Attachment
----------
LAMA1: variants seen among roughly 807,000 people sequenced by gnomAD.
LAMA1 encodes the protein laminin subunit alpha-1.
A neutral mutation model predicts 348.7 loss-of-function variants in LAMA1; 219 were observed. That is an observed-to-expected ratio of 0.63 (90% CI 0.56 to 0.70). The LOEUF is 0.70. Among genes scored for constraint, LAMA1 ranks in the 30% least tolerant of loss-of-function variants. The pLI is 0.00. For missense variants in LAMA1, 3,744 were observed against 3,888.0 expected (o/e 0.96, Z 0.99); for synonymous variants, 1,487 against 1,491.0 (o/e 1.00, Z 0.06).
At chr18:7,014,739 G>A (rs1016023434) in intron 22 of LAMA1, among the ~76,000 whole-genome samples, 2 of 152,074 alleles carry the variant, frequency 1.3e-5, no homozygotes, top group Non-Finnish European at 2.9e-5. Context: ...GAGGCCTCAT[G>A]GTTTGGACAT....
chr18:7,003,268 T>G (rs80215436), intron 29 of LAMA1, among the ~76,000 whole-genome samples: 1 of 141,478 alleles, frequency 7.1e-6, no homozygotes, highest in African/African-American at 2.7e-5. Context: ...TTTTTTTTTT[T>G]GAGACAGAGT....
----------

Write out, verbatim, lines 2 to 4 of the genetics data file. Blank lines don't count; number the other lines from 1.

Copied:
LAMA1 encodes the protein laminin subunit alpha-1.
A neutral mutation model predicts 348.7 loss-of-function variants in LAMA1; 219 were observed. That is an observed-to-expected ratio of 0.63 (90% CI 0.56 to 0.70). The LOEUF is 0.70. Among genes scored for constraint, LAMA1 ranks in the 30% least tolerant of loss-of-function variants. The pLI is 0.00. For missense variants in LAMA1, 3,744 were observed against 3,888.0 expected (o/e 0.96, Z 0.99); for synonymous variants, 1,487 against 1,491.0 (o/e 1.00, Z 0.06).
At chr18:7,014,739 G>A (rs1016023434) in intron 22 of LAMA1, among the ~76,000 whole-genome samples, 2 of 152,074 alleles carry the variant, frequency 1.3e-5, no homozygotes, top group Non-Finnish European at 2.9e-5. Context: ...GAGGCCTCAT[G>A]GTTTGGACAT....